stations pitted the legendary Gracies against their heated rivals.
Although Vale Tudo gained a ravenous fanbase in Brazil, it struggled to cross
over into international mainstream success on the level of professional
wrestling. Due to the violent nature of the rule set and a few gruesome
televised incidents, Vale Tudo was eventually taken off the air and fell
into obscurity. The next big iteration of Vale Tudo
emerged in the United States in the 1990’s. It materialized when the Gracie
challenge came to America along with the second generation of the family fighters.
One of Helio’s sons, Rorion Gracie sought to expand the Gracie enterprise
by opening a school in California and promoting it with the Gracie challenge.
Once again these challenges went into local legend but didn’t find widespread
popularity until they captured a TV audience. Rorion partnered with Hollywood
producers to televised a live Vale Tudo tournament and engineer a spectacle that
could sell as a pay-per-view event. Since the term Vale Tudo was vastly
unheard of in America the event was called the Ultimate Fighting
Championship, UFC. The Gracies didn’t have the same caliber of opposition they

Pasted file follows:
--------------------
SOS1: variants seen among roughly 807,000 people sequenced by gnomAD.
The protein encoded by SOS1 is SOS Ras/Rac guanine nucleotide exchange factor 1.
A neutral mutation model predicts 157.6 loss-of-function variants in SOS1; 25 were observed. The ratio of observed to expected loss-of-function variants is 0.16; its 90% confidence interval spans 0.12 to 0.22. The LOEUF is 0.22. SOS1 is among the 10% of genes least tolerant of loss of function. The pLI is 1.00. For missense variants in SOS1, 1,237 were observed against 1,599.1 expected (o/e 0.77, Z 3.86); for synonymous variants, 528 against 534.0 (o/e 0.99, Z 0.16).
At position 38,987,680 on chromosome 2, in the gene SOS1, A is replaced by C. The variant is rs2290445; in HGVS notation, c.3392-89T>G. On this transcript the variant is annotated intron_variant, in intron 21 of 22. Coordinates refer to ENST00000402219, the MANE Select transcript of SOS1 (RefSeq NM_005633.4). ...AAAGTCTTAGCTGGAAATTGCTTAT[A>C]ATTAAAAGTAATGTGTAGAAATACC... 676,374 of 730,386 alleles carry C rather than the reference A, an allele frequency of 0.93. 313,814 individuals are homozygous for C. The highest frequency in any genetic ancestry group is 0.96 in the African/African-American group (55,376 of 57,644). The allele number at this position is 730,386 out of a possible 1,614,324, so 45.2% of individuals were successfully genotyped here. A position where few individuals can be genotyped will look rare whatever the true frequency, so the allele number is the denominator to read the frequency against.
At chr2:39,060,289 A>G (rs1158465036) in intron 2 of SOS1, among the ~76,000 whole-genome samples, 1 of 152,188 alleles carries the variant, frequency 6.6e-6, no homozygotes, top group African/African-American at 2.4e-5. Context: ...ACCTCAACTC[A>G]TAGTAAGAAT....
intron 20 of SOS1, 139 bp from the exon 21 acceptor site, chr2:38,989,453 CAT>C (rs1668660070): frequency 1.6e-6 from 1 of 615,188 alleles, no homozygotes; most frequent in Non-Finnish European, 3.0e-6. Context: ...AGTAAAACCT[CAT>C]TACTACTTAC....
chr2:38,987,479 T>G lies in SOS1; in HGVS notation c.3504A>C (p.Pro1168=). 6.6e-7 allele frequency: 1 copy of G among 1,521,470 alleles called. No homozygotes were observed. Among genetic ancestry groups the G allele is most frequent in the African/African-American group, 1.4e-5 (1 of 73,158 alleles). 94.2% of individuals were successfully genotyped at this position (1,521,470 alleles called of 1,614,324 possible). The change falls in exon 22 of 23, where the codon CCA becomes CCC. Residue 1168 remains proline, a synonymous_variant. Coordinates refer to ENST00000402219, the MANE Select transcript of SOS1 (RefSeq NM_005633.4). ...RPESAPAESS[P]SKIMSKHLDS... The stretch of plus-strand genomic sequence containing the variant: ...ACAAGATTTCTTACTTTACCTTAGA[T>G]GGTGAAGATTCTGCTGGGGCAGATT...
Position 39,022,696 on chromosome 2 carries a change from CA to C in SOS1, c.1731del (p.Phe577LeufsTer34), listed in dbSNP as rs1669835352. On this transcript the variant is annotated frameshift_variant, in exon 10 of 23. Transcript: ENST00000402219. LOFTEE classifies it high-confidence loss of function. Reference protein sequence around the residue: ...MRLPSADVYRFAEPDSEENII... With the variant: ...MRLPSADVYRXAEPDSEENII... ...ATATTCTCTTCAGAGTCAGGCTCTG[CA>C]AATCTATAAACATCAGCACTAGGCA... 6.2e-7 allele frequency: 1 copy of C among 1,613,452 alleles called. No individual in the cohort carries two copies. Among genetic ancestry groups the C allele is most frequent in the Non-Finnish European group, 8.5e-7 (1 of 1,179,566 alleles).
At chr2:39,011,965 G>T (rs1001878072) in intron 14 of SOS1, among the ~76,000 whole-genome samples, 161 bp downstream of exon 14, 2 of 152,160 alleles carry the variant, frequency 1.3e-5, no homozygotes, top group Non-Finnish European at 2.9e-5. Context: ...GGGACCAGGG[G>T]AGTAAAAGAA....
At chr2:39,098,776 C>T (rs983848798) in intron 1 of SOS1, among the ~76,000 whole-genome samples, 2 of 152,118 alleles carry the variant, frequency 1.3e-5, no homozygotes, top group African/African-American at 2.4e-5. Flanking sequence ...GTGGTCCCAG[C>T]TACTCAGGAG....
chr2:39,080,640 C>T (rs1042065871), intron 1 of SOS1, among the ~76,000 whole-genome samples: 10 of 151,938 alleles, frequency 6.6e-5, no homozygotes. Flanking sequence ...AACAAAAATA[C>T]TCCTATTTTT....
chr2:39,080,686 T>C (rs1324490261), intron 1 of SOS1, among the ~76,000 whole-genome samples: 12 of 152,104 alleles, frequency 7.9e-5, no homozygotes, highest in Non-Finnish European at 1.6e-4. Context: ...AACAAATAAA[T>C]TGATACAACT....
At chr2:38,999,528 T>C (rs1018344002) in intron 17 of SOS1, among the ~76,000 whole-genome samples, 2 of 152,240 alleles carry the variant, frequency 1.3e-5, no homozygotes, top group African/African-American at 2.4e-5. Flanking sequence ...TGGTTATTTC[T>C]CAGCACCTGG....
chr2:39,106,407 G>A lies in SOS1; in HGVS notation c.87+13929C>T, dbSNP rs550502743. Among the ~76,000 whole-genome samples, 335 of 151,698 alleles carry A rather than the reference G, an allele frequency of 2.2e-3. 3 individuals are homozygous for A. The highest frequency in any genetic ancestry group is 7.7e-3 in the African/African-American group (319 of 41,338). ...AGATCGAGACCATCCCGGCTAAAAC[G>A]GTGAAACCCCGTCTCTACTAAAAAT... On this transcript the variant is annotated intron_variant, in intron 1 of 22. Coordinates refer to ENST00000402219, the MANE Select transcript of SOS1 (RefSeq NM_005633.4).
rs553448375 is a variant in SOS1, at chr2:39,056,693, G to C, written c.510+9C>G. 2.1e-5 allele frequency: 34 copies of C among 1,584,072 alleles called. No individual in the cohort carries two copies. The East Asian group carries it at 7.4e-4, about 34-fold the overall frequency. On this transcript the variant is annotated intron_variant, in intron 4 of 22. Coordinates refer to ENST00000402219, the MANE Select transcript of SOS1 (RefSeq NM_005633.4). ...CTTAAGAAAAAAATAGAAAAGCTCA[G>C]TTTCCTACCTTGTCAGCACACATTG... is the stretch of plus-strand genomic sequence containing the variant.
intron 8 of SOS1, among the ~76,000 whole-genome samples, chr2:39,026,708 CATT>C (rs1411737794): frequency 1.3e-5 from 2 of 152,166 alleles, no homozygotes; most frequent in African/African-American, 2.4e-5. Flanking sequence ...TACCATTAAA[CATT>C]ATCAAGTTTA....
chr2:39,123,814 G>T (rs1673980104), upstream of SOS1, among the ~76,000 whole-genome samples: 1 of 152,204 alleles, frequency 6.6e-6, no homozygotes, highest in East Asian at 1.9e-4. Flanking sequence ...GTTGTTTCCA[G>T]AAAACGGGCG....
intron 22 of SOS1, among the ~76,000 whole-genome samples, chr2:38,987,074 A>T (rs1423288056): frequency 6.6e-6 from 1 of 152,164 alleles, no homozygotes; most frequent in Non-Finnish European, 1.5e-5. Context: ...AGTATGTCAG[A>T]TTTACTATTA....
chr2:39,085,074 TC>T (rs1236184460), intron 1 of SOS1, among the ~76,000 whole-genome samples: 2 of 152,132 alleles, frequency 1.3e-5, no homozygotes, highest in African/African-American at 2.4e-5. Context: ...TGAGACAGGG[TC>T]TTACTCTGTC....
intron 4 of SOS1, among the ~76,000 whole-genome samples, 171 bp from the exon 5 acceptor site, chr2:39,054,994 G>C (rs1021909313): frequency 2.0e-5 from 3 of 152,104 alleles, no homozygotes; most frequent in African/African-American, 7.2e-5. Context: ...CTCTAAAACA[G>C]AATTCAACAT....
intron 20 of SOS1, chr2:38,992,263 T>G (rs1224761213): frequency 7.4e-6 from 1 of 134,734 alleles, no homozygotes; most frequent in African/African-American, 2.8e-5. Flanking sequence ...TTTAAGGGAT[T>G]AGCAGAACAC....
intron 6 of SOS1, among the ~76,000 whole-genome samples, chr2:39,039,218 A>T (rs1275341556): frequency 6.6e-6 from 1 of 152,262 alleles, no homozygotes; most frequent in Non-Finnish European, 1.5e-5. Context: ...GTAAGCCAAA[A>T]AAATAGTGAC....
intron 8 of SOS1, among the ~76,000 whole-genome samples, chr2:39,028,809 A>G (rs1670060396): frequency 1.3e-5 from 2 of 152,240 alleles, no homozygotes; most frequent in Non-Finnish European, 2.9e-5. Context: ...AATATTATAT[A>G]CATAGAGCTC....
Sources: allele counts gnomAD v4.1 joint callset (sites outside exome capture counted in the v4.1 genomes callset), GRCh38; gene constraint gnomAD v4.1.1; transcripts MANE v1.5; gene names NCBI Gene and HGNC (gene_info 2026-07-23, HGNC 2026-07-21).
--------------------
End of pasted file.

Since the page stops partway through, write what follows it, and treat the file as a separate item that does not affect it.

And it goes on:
faced in Brazil while transplanting to the states, so they challenged master
martial artists to represent their individual fighting styles in the
tournament, drawing from the popularity of martial arts films like Jean-Claude Van Damme’s Bloodsport and Chuck Norris’ The Octagon. In the same way that Carlos
had marketed Helio, Rorion chose his younger brother Royce to be the sole
representative of Gracie Jiu Jitsu. He was billed as the smallest and
physically weakest competitor at the event. Rorion’s goal was to use whatever
fame his brother achieved through the high profile tournament to cement the
Gracie Jiu Jitsu enterprise in the United
States, but inadvertently he set a new sport into motion. The UFC was an
overnight success. The spectacle of using an octagon shaped cage instead of a ring,
combined with the shocking violence of Vale Tudo instantly set it apart from
any other combat sport witnessed by a large audience. The scheme to build
celebrity for Royce paid off when he used his family style to defeat much
larger opponents in route to winning the big tournament. Like Helio, Royce earned
legendary status and helped put Gracie Jiu Jitsu at the forefront of both
combat sports and traditional martial arts. Royce inspired a new generation of
combat sport athletes to cross train in Gracie Jiu Jitsu in order to effectively
compete in Vale Tudo events. Due to it’s graphic violence however, the UFC was
instantly met with backlash from political authorities. Individual states
began banning the competitions, prompting the show’s constant relocation to any
region that would sanction the events. Similar tournaments also began emerging
to overshadow the success of the UFC. The sudden saturation of the market,
combined with political pressure and lack of exposure nearly sunk the
organization. Meanwhile on the other side of the globe, the professional wrestling
roots of mixed martial arts were redeveloping into a better received